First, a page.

Khairlanji massacre: On 10 yr anniversary of brutal attack on Dalits, Maratha agitation gains momentum
The 10-year anniversary of the Khairlanji incident coincides with the Maratha-Kunbi movement for abrogation of the SC/ST Prevention of Atrocities Act which was triggered by the rape of a girl by Dalits in Kopardi in July
This Thursday, ten years will have passed since the Khairlanji massacre where Bhaiyyalal Bhotmange, a Dalit, lost his family in a village in Maharashtra. On 29 September 2006, Bhotmange, 61, went to work on his farm near the village, and when he came back, he found his wife Surekha, 45, daughter Priyanka, 17, sons Sudhir and Roshan, 21 and 19, murdered by a mob. The massacre enraged Dalits, who took to the streets for a wide-spread silent protest, which soon got aggressive.
The 10-year anniversary of the incident coincides with the Maratha-Kunbi movement for abrogation of the SC/ST Prevention of Atrocities Act which was triggered by the rape of a girl by Dalits in Kopardi in July. Rallies held by lakhs of people in absolute silence have been going on across Maharashtra for more than a month.
This Thursday, the Maratha movement reminds us of that fateful evening of 29 September.
The Khairlanji massacre
On 28 September 2006, Surekha, Bhaiyyalal's wife had lodged a complaint against the participants in an assault on the village policeman, another Dalit, Siddharth Gajbhiye. The accused were members of the politically dominant Kunbi caste who had received the OBC status by the Maharashtra government in 2001.
The day after the complaint was lodged, the accused were arrested but soon let off on bail after which they returned to the village and lynched the Bhotmange family.
For three hours that evening, as Bhaiyyalal was on his farm, a group of villagers surrounded the hut where the family lived, then abused, assaulted, and killed the four people. There were allegations that the women in the family were raped, however the CBI investigations concluded that they weren't.
That evening when Bhaiyyalal came home, he saw his dead family.
The incident wasn't picked up by the media immediately. However as the Dalits of the state started a widespread movement seeking justice, the details of the incident came to light. This incident triggered one of the most prominent Dalit movement.
In September 2008, six people, who were charged with wiping out the Dalit family, were given death sentence for the crime by the specially appointed Fast Track trial court.
However in July 2010, the Nagpur Bench of the Bombay High Court in the case disappointing large sections of the Dalit community as they, on appeal, commuted the death sentence on the grounds that it was "not the rarest of the rare cases" warranting the death penalty. The court modified the life terms of the accused and gave them 25-year imprisonment.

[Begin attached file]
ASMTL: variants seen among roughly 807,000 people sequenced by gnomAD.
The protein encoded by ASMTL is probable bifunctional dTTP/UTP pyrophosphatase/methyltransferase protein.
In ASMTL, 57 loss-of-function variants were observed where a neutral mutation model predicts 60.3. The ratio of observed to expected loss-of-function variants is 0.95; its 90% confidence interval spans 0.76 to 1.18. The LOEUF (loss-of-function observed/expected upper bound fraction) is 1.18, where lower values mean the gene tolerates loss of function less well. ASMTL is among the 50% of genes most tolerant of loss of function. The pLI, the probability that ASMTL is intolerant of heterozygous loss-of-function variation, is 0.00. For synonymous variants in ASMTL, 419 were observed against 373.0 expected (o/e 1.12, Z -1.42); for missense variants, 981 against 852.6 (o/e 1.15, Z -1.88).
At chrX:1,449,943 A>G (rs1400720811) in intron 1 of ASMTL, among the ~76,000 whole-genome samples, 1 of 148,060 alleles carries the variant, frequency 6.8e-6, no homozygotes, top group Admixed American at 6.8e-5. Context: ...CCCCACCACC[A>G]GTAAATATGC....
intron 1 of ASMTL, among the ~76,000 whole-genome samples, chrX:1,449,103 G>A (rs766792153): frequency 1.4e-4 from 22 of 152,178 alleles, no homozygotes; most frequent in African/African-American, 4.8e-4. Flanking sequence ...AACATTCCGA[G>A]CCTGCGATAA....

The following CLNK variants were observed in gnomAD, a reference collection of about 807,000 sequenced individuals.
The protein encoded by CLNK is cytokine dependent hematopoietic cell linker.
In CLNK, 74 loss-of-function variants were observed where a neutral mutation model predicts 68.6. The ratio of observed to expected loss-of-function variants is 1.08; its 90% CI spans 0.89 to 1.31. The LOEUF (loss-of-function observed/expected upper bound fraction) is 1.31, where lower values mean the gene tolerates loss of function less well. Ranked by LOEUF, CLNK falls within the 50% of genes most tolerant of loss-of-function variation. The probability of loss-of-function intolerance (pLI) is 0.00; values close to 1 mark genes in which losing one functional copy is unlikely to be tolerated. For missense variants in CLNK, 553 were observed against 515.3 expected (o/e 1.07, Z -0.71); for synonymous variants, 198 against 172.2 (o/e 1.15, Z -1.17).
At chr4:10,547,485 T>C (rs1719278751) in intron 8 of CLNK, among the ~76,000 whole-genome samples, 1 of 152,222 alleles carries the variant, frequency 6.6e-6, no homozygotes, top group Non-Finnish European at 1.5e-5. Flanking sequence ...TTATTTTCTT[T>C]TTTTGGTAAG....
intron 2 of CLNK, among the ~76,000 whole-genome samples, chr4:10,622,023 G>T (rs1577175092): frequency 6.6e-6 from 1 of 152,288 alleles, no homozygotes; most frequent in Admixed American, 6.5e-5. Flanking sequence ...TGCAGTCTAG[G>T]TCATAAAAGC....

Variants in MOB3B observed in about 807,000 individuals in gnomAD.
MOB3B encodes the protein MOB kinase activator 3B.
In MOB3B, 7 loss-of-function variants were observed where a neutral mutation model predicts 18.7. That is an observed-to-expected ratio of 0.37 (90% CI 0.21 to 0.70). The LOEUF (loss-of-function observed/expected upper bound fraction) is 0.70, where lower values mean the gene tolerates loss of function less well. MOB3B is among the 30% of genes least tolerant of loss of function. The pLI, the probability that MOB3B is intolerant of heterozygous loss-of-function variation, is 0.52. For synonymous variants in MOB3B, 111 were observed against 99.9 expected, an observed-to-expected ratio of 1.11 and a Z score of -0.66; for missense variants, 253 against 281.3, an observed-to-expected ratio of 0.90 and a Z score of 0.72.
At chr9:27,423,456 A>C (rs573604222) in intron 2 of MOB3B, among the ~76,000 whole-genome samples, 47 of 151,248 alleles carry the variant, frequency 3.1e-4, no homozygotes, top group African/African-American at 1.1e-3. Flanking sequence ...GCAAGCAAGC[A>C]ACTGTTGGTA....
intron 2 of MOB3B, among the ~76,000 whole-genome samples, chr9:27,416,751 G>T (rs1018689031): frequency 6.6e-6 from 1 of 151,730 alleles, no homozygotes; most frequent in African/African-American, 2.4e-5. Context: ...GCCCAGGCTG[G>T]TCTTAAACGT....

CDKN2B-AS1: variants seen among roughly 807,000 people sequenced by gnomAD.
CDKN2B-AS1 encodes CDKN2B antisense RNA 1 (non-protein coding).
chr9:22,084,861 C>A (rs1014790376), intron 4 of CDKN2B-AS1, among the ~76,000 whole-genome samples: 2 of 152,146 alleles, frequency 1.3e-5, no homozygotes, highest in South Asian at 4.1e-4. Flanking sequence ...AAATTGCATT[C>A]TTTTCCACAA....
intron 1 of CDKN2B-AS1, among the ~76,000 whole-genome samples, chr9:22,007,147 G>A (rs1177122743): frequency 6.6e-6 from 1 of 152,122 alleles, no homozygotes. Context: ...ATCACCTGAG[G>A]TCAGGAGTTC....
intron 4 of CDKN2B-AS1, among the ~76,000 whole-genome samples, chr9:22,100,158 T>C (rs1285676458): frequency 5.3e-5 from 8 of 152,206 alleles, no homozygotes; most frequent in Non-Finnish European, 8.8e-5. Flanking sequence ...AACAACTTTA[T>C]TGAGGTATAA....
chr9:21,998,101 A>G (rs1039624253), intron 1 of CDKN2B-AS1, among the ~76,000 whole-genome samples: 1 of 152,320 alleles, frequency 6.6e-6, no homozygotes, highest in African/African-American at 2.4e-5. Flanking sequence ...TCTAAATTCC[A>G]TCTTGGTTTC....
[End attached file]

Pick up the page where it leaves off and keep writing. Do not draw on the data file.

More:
The judges presiding on the case ruled that the Scheduled Castes and Scheduled Tribes (Prevention of Atrocities) Act, 1989 was not applicable to the Khairlanji case. In their view there was no caste angle to the case. The panel who heard the appeal held that the murders of Surekha, Priyanka, Sudhir and the visually challenged Roshan was not motivated by caste prejudice; it was a case of "revenge killing."
According to an editorial by The Hindu, the caste profile of the Khairlanji village in Bhandara district was relevant to the case as the Other Backward caste (OBC) people formed a majority of the village. The village was known for its prejudice against Dalits.
The case is currently being presided over by the Supreme court and Bhaiyyalal hopes that he gets justice. Each year the Dalit-Buddhist organisations light candles on the spot where the family once lived. Today the hut is gone but Bhaiyyalal keeps the iron cot as a reminder of the events that occurred.
The Maratha agitation
In the past two months, the Maratha community has taken out various silent marches in Maharashtra in cities like Mumbai, Navi Mumbai, Amravati, etc. demanding justice in the rape and murder of a girl at Kopardi in Ahmednagar district two months ago.
On 13 July, a 15-year-old Maratha girl was allegedly gang raped and murdered by four Dalit youths who inflicted injuries all over her body. They allegedly broke her limbs too before throttling her at Kopardi village in Ahmednagar.
The incident had sparked public outrage as well as a political slug-fest, with the Congress demanding Chief Minister Devendra Fadnavis' resignation on "moral grounds".
After the gang-rape, Maratha Kranti silent morchas were held in Akola, Nanded, Beed, Osmanabad, Aurangabad, Jalgaon and Jalna districts.
Apart from demanding death penalty for the accused, the Maratha community leaders pressed for scrapping of the SC, ST (Prevention of Atrocities Act), saying it is grossly misused, and also raised other demands like quota in education and jobs.
As pointed out in a previous Firstpost report, the entire Dalit community of Kopardi village wanted death penalty for the accused an yet they weren't allowed to be part of the protest. This has raised questions over the legitimacy of the intentions of the protests.
The situation today
The two incidents of murder have triggered responses from the two communities — Dalit and Maratha. After brutal incidents such as Kopardi incident, the Dadri lynching (where a family was massacred for allegedly consuming beef), the Una incident (where four youth were canned for carrying cow carcasses), and the Rohit Vemula case (where a Dalit scholar of the Hyderabad University committed suicide after being suspended), tempers are fraying and it remains to be seen which, if any community recieves justice.
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